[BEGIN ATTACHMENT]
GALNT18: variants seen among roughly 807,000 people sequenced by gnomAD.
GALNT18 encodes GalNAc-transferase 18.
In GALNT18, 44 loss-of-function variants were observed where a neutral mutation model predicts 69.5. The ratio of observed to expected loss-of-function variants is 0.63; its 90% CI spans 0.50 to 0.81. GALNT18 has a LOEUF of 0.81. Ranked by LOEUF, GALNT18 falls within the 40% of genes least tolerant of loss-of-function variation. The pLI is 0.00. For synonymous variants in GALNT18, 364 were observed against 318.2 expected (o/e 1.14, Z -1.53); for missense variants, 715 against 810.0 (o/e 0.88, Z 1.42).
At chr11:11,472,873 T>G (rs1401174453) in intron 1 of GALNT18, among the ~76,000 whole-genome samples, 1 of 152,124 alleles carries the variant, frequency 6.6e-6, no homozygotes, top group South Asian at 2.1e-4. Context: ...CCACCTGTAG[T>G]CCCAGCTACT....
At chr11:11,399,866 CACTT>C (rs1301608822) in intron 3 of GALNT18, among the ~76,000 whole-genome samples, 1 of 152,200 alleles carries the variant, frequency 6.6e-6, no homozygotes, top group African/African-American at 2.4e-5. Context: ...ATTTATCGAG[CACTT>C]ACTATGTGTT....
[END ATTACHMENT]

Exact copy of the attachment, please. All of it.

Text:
GALNT18: variants seen among roughly 807,000 people sequenced by gnomAD.
GALNT18 encodes GalNAc-transferase 18.
In GALNT18, 44 loss-of-function variants were observed where a neutral mutation model predicts 69.5. The ratio of observed to expected loss-of-function variants is 0.63; its 90% CI spans 0.50 to 0.81. GALNT18 has a LOEUF of 0.81. Ranked by LOEUF, GALNT18 falls within the 40% of genes least tolerant of loss-of-function variation. The pLI is 0.00. For synonymous variants in GALNT18, 364 were observed against 318.2 expected (o/e 1.14, Z -1.53); for missense variants, 715 against 810.0 (o/e 0.88, Z 1.42).
At chr11:11,472,873 T>G (rs1401174453) in intron 1 of GALNT18, among the ~76,000 whole-genome samples, 1 of 152,124 alleles carries the variant, frequency 6.6e-6, no homozygotes, top group South Asian at 2.1e-4. Context: ...CCACCTGTAG[T>G]CCCAGCTACT....
At chr11:11,399,866 CACTT>C (rs1301608822) in intron 3 of GALNT18, among the ~76,000 whole-genome samples, 1 of 152,200 alleles carries the variant, frequency 6.6e-6, no homozygotes, top group African/African-American at 2.4e-5. Context: ...ATTTATCGAG[CACTT>C]ACTATGTGTT....